The Last Time I Saw Archie

From Wikipedia, the free encyclopedia
Jump to: navigation, search
The Last Time I Saw Archie
Poster of the movie The Last Time I Saw Archie.jpg
Theatrical release poster
Directed by Jack Webb
Produced by Jack Webb
Written by William Bowers
Starring Robert Mitchum
Jack Webb
Martha Hyer
France Nuyen
Narrated by Jack Webb
Music by Frank Comstock
Cinematography Joseph MacDonald
Edited by Robert Leeds
Manzanita-Talbot Productions, Mark VII, Ltd.
Distributed by United Artists
Release dates
  • May 27,  1961 (1961-05-27)
Running time
98 minutes
Country United States
Language English

The Last Time I Saw Archie is a 1961 comedy film set in the waning days of World War II.[1] Robert Mitchum stars as Arch Hall Sr., a lazy, scheming American in an aviation school for pilots too old to fly aircraft but not too old to fly military gliders and liaison aircraft.[2] Jack Webb produced, directed and costarred.[1]


In flying school, lazy Private Archie Hall (Robert Mitchum) somehow dominates everyone around him, fellow trainees, sergeants and officers alike, and manages to avoid doing any work. Bill Bowers (Jack Webb), a Hollywood screenwriter in civilian life, becomes his sidekick. An initially hostile, suspicious trio of privates, Sam Beacham (Louis Nye), Russell Drexler (Joe Flynn) and Frank Ostrow (Del Moore), are penalized for opposing him and eventually smarten up and become his pals as well. Archie exudes so much self-confidence that Master Sergeant Stanley Erlenheim (Robert Strauss) becomes convinced that he is an undercover G-2 (counterintelligence) general. Erlenheim and his underling, Sergeant Malcolm Greenbriar (Harvey Lembeck), arrange it so that Archie and his buddies are given permanent passes and a personal jeep, so they can leave the training base whenever they please. Archie sees Cindy Hamilton (France Nuyen) every night, while Bill pairs off with Peggy Kramer (Martha Hyer). Archie also arranges for the three other privates to acquire gorgeous girlfriends as well.

As time goes by, Bill comes to suspect that Cindy is a Japanese spy, but he cannot get Archie to take it seriously (even though Cindy keeps giving him money in outsized old bills). It turns out that Cindy actually is a spy, but for American counterintelligence, despite the opposition of her guardian, Colonel Edwin Martin, the base commander. Sergeants Erlenheim and Greenbriar get into trouble when they break down the door of her apartment, thinking they will catch her in the act of reporting to the enemy, only to find her presenting her findings to Martin.

As the war winds down, requirements change and the trainees are given the choice of retraining to become either gunners or glider pilots. Archie and Bill opt for the latter, despite the supposedly high casualty rate, so the other three do the same, only to discover that Archie and Bill have gotten themselves safe jobs at the base. However, the war ends before any of them see combat.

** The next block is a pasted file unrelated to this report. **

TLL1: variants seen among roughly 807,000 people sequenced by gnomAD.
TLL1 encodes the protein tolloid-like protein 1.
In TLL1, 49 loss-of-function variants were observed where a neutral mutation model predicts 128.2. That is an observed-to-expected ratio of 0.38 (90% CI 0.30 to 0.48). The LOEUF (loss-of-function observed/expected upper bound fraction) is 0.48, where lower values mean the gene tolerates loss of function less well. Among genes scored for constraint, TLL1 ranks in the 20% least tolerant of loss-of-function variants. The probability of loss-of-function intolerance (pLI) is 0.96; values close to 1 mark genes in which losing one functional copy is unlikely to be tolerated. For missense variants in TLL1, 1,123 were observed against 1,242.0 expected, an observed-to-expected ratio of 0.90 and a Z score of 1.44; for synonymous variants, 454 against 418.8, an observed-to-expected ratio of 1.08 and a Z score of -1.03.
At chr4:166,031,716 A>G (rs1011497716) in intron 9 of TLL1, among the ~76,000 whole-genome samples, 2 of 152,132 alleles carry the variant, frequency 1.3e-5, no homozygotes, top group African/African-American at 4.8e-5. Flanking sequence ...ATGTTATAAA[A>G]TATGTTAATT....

Archie invites himself to spend a week with Bill in Hollywood. Bill is shown hard at work in his tiny office at a film studio; Archie has somehow become his boss, and has just been promoted to head of the studio. Bill jokes about seeing him in the White House. A later newspaper headline states that Governor Hall has decided to run for president.



The main character in The Last Time I Saw Archie, played by Robert Mitchum was based on Arch Hall Sr., who screenwriter William Bowers knew in the war.[3] However, the film was made without the permission of Hall, who successfully sued the producers and won a settlement.[4] The film also features the debuts of baseball pitcher Don Drysdale and football quarterback Billy Kilmer in cameos. Portions of the film were shot at Fort MacArthur.


The film review in The New York Times summarized The Last Time I Saw Archie as part of the "too many cooks syndrome", "... especially military chefs—spoiling the broth appears to be painfully true of 'The Last Time I Saw Archie'." [5]

See also[edit]



  1. ^ a b "Overview: 'The Last Time I Saw Archie'." The New York Times. Retrieved: May 2, 1015.
  2. ^ Takara, Paul. "Articles: 'The Last Time I Saw Archie' (1961)." Turner Classic Movies. Retrieved: May 2, 2015.
  3. ^ Weaver 2014, p. 3.
  4. ^ Weaver 2003, p. 193.
  5. ^ "Movie review: 'Last Time I Saw Archie' at the Victoria." The New York Times, May 29, 1961.


  • Weaver, Tom. Eye on Science Fiction: 20 Interviews with Classic SF and Horror Filmmakers. Jefferson, North Carolina: McFarland & Company, 2003. ISBN 978-0-7864-3028-4.
  • Weaver, Tom. I Talked with a Zombie: Interviews with 23 Veterans of Horror and Sci-Fi Films and Television. Jefferson, North Carolina: McFarland & Company, 2014. ISBN 978-0-7864-9571-9.

External links[edit]